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Here are today’s picks from our editors.
China issues guideline for regulating COVID-19 drug clinical trials
China has issued a directive to regulate clinical trials of potential drugs for the novel coronavirus disease (COVID-19).
Titled "The Guideline on regulating clinical trials of COVID-19 drugs among medical organizations," the document aims to ensure the drug screening run in an orderly and efficient way, said an official from the Ministry of Science and Technology (MOST) at a press conference Friday.
According to the document, drafted by the National Health Commission, the MOST and the National Medical Products Administration, drugs for clinical trials should be medicine that has already been on the market and the efficacy has been proved in animal and in vitro studies, said Wu Yuanbin, director-general of Science and Technology for Social Development with the MOST.
The person in charge of the trial should meet certain eligibility requirements and can make risk management plans. (Xinhua)
WHO upgrades global risk of virus spread to highest level
The UN health agency on Friday upgraded the global risk from the new coronavirus to its highest level, saying the continued increase in cases and countries affected was "clearly of concern."
"We have now increased our assessment of the risk of spread and the risk of the impact of COVID-19 to very high at global level," World Health Organization chief Tedros Adhanom Ghebreyesus told reporters.
"We do not see evidence as yet that the virus is spreading freely in communities. As long as that's the case, we still have a chance of containing this virus," he said. (AFP)
British passenger of virus-hit Japan ship dies: health ministry
A British man who was onboard a coronavirus-stricken cruise ship quarantined near Tokyo has died, Japan's health ministry said on Friday.
The man was the first foreigner to have died from the illness after spending time aboard the Diamond Princess. Another five Japanese nationals on the vessel have died, and more than 700 others tested positive for the disease. (AFP)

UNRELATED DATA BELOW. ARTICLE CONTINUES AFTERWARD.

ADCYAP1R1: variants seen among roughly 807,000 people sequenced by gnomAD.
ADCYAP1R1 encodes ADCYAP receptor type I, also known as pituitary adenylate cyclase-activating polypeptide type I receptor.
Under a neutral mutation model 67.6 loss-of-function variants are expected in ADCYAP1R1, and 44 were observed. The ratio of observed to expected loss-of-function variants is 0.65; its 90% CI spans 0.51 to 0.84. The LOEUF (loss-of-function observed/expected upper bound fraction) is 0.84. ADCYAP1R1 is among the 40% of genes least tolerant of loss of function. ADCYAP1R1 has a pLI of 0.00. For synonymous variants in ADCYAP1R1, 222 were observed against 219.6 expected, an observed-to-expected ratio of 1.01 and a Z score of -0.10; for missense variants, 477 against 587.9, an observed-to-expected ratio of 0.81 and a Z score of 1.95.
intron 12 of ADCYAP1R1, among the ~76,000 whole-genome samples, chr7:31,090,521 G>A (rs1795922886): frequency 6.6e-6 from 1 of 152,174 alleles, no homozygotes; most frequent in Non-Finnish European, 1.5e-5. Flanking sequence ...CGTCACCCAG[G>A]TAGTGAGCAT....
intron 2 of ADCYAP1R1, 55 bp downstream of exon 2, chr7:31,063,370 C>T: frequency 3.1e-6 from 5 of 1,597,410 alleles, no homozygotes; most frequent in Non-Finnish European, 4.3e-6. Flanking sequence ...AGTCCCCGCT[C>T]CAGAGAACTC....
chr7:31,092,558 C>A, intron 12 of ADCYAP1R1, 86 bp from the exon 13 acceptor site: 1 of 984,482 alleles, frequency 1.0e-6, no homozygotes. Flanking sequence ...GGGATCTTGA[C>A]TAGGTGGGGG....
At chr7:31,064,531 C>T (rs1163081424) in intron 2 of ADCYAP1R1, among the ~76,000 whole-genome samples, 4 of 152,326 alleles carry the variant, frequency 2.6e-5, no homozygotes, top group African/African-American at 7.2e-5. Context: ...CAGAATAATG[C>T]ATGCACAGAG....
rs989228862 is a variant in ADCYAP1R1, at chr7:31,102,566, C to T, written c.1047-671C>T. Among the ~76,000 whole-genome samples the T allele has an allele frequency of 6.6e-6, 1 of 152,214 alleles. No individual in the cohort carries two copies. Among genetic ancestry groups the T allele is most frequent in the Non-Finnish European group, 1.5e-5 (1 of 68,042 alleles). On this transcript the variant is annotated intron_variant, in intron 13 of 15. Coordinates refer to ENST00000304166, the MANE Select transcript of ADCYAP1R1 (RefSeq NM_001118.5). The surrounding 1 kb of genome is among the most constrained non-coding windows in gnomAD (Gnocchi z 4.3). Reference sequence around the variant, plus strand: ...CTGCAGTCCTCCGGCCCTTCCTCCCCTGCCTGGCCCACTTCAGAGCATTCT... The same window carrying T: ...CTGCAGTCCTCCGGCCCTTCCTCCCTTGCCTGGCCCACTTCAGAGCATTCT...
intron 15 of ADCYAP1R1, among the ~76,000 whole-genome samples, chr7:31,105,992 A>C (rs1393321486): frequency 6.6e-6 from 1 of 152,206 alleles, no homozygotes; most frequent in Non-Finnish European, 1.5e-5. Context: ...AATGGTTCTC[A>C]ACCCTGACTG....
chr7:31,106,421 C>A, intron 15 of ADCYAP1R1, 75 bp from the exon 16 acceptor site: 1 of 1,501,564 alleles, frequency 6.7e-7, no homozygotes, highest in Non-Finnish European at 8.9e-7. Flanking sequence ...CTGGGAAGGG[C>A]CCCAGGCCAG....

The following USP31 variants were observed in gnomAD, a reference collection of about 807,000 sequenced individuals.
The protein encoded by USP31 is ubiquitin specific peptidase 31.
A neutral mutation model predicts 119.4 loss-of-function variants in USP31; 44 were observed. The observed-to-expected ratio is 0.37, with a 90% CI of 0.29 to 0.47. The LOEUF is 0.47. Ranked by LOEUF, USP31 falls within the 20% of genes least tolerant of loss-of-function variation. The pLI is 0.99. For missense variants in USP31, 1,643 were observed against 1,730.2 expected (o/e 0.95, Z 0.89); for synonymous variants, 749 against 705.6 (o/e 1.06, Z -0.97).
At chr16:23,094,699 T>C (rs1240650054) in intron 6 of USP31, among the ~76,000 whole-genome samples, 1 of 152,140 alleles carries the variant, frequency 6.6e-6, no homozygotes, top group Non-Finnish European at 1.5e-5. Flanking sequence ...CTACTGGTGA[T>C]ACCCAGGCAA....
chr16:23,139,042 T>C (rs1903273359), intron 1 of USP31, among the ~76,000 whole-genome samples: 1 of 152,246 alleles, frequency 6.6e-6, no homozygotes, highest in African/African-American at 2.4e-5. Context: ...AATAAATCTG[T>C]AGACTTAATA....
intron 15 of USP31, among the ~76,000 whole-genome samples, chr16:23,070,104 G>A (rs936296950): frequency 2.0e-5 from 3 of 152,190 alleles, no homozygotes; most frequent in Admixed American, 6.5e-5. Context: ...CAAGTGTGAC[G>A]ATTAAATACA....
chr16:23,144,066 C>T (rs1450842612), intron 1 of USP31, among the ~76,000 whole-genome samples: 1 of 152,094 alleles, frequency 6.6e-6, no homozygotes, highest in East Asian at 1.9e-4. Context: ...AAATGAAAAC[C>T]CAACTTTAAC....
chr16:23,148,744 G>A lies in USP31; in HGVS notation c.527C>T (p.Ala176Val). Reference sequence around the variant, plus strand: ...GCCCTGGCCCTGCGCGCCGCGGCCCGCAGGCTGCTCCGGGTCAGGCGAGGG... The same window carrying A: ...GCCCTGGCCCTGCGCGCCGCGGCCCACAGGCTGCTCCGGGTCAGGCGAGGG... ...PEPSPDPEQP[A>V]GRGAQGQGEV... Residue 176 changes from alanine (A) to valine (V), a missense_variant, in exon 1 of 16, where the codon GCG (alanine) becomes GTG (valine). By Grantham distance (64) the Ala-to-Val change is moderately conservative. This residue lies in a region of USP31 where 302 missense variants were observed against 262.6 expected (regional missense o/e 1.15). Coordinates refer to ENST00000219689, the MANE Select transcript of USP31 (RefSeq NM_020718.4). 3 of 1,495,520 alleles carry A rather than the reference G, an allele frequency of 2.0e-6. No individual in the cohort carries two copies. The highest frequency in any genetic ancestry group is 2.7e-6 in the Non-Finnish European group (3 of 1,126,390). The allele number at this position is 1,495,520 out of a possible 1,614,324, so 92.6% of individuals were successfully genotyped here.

Sun Yang to appeal against suspension verdict by CAS
Chinese Olympic and world swimming champion Sun Yang was handed an eight-year ban as the Court of Arbitration of Sport (CAS) upheld the World Anti-Doping Agency’s (WADA) appeal on Friday.
Fortunately, the CAS does not impose a provisional suspension on Sun, meaning that he will be able to keep the honors he won before the CAS award.
In his response to the CAS decision, Sun used the words "shocked" and "furious," making it clear that he has already been working with his lawyers to appeal to the Swiss Federal Court. "I want more people to know what the truth is. I believe I'm innocent, and the truth will always beat lies."
In a statement, the Chinese Swimming Association (CSA) regretted the CAS decision and stressed its opposition against doping as it always has, noting that it values anti-doping education for Chinese athletes.
Sun refused to complete a doping test conducted by the international testing company IDTM on September 4, 2018, saying the Doping Control Officer and her assistants lacked sufficient authorization and credentials.
His case was later heard by swimming's world governing body FINA, who decided on January 3, 2019, that the swimmer was not guilty of anti-doping rule violations. WADA disagreed and appealed the decision. (CGTN-Xinhua)
Jack Ma still richest man in China; Jeff Bezos tops world ranking: Hurun list
Jack Ma has maintained his status as the richest man in China, according to the Hurun Global Rich List 2020, jointly released by Shanghai-based Hurun Research Institute and the Shimao Shenkong International Center in Shenzhen.
The Alibaba founder ranks 21st globally, with his personal wealth amounting to $45 billion.
Amazon founder Jeff Bezos is the wealthiest person in the world, with $140 billion. (China Plus)
Cannibalism on rise among polar bears, say Russian scientists
Cases of polar bears killing and eating each other are on the rise in the Arctic as melting ice, and human activity erodes their habitat, a Russian scientist said Wednesday.
"Cases of cannibalism among polar bears are a long-established fact, but we're worried that such cases used to be rare, but are now recorded quite often," said polar bear expert Ilya Mordvintsev.
Speaking at a presentation in the northwestern city of Saint Petersburg, he suggested that the behavior could be due to lack of food. (AFP)
Thanks for listening and be sure to catch us tomorrow.
And now for the Question of the Day:
Which marine animal is the only known natural predator of the great white shark?
(Answer: Orca (killer whale).
Today’s quote is from Irish statesman Edmund Burke (1729-1797).
"The first and simplest emotion which we discover in the human mind, is curiosity."
(Produced by Nancy Yan Xu, Ryan Yaoran Yu, Lance Crayon, Brian Lowe, and Elaine Yue Lin. Music by Eugene Loner.)